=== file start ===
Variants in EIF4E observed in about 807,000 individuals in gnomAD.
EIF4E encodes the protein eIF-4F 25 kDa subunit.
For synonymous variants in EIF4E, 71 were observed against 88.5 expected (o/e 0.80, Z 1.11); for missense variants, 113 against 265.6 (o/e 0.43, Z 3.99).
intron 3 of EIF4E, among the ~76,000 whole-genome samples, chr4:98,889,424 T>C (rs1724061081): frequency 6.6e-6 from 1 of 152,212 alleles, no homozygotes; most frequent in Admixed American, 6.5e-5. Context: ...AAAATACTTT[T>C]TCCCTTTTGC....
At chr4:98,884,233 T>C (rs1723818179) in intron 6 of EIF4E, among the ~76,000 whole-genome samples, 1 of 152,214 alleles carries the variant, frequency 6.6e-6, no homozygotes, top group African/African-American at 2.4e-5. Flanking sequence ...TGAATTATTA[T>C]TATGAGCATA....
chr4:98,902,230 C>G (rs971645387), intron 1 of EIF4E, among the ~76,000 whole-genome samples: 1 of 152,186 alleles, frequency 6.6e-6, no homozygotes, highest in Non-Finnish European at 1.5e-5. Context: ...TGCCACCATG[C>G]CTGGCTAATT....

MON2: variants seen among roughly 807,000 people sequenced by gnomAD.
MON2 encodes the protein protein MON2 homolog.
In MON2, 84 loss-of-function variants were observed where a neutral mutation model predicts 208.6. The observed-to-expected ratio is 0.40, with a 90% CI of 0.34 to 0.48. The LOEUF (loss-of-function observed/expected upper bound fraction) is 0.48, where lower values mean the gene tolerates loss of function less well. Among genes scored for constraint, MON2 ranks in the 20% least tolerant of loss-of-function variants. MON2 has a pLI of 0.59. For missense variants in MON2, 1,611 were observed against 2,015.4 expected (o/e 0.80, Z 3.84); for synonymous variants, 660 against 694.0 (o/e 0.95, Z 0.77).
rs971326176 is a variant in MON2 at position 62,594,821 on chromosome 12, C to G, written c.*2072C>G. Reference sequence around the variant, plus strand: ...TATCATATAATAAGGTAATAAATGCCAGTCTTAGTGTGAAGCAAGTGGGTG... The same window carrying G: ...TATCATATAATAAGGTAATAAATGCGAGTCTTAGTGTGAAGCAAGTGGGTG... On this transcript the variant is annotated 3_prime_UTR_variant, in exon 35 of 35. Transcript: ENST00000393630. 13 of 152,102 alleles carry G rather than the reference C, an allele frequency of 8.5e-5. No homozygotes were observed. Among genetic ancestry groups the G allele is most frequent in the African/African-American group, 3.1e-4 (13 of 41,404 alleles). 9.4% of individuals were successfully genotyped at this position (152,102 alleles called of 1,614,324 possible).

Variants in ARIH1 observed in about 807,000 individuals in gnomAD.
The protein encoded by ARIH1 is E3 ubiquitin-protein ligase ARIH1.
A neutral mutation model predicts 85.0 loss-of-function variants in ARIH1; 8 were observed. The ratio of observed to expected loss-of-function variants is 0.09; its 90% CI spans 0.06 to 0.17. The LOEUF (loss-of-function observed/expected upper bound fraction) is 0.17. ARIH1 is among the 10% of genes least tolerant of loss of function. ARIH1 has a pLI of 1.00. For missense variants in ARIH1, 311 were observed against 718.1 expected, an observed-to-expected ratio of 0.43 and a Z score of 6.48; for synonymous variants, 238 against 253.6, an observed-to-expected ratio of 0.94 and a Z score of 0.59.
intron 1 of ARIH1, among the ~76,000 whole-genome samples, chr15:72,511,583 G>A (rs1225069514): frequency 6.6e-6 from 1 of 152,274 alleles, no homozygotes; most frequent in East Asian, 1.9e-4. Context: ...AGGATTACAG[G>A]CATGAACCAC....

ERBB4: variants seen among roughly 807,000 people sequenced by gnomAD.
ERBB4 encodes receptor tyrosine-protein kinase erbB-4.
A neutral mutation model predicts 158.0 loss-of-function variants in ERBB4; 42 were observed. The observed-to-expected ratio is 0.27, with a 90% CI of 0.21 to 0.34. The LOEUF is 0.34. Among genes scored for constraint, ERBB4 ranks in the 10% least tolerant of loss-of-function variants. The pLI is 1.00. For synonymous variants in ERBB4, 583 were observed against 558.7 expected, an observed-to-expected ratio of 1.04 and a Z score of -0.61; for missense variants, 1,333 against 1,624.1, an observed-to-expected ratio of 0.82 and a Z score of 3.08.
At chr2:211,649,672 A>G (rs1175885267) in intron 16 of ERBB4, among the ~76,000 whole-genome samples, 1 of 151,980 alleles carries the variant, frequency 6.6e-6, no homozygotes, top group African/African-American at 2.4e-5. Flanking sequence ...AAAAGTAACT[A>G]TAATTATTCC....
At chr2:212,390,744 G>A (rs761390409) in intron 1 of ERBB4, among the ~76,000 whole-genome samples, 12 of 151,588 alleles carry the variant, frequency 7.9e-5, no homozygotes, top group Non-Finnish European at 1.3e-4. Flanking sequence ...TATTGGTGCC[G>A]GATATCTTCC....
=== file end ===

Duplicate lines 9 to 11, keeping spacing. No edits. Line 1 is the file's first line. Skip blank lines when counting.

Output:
In MON2, 84 loss-of-function variants were observed where a neutral mutation model predicts 208.6. The observed-to-expected ratio is 0.40, with a 90% CI of 0.34 to 0.48. The LOEUF (loss-of-function observed/expected upper bound fraction) is 0.48, where lower values mean the gene tolerates loss of function less well. Among genes scored for constraint, MON2 ranks in the 20% least tolerant of loss-of-function variants. MON2 has a pLI of 0.59. For missense variants in MON2, 1,611 were observed against 2,015.4 expected (o/e 0.80, Z 3.84); for synonymous variants, 660 against 694.0 (o/e 0.95, Z 0.77).
rs971326176 is a variant in MON2 at position 62,594,821 on chromosome 12, C to G, written c.*2072C>G. Reference sequence around the variant, plus strand: ...TATCATATAATAAGGTAATAAATGCCAGTCTTAGTGTGAAGCAAGTGGGTG... The same window carrying G: ...TATCATATAATAAGGTAATAAATGCGAGTCTTAGTGTGAAGCAAGTGGGTG... On this transcript the variant is annotated 3_prime_UTR_variant, in exon 35 of 35. Transcript: ENST00000393630. 13 of 152,102 alleles carry G rather than the reference C, an allele frequency of 8.5e-5. No homozygotes were observed. Among genetic ancestry groups the G allele is most frequent in the African/African-American group, 3.1e-4 (13 of 41,404 alleles). 9.4% of individuals were successfully genotyped at this position (152,102 alleles called of 1,614,324 possible).

Variants in ARIH1 observed in about 807,000 individuals in gnomAD.